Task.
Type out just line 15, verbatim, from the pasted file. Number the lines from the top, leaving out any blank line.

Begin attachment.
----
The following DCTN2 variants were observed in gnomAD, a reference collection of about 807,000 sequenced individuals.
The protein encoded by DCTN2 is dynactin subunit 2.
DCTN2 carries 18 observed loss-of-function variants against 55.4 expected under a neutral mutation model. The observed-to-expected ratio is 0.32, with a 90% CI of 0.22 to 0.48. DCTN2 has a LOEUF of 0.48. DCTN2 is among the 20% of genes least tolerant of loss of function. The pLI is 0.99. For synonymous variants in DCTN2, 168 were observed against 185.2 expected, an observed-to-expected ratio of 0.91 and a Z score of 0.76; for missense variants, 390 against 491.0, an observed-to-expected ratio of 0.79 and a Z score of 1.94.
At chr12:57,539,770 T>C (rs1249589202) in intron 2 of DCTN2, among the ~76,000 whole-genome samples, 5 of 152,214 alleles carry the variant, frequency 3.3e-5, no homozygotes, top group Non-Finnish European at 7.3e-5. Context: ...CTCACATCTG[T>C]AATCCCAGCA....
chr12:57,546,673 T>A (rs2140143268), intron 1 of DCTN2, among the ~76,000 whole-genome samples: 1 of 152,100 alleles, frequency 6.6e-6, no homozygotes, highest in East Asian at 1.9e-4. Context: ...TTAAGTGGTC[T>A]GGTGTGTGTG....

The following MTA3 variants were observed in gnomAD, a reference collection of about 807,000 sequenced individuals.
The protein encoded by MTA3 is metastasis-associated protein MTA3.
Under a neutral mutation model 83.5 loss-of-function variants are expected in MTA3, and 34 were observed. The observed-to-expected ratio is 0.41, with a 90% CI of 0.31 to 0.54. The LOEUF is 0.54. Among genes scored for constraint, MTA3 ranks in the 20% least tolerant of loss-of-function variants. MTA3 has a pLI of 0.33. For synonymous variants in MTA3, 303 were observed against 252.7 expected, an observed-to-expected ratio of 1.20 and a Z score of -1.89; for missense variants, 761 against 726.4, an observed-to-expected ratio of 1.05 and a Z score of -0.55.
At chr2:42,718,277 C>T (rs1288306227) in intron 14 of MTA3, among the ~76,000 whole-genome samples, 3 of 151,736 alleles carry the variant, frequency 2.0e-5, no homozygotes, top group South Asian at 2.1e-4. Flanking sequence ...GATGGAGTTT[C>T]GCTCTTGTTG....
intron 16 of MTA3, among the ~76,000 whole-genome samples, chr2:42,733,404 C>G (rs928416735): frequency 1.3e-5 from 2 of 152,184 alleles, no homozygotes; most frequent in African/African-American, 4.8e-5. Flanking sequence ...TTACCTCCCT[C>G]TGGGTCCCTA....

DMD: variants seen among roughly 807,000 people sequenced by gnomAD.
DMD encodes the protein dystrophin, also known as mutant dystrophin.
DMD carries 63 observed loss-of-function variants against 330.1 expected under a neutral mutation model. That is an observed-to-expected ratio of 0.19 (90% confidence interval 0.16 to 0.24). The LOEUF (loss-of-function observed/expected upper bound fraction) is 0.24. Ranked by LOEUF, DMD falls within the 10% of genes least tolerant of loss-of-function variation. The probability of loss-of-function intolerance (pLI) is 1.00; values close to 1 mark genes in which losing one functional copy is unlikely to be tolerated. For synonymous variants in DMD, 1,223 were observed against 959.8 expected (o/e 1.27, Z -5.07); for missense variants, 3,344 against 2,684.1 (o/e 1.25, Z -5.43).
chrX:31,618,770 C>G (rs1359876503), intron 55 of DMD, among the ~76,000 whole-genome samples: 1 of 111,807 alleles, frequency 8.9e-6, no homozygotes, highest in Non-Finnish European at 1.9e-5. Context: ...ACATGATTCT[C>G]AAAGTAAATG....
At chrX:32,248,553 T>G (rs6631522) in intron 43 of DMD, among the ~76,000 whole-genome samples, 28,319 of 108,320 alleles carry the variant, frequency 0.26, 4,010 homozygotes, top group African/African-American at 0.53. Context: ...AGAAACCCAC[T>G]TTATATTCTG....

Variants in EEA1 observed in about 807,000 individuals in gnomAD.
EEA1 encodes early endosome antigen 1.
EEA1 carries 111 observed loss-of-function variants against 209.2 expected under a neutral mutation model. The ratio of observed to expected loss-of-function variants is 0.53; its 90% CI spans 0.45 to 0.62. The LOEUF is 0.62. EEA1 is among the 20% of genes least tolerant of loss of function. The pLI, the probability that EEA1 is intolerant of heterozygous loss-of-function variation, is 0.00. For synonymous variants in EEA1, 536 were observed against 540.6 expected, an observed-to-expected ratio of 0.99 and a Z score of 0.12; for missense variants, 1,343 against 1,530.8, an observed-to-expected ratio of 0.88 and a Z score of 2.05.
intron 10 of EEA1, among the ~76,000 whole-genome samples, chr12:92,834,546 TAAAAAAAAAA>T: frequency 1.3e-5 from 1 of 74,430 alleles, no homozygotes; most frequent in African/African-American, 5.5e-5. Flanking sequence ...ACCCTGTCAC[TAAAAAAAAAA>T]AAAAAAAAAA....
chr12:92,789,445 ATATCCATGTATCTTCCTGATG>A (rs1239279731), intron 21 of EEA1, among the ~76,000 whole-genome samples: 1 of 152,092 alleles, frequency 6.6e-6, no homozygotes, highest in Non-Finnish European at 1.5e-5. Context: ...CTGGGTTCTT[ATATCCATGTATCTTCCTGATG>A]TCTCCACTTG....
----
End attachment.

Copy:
At chrX:32,248,553 T>G (rs6631522) in intron 43 of DMD, among the ~76,000 whole-genome samples, 28,319 of 108,320 alleles carry the variant, frequency 0.26, 4,010 homozygotes, top group African/African-American at 0.53. Context: ...AGAAACCCAC[T>G]TTATATTCTG....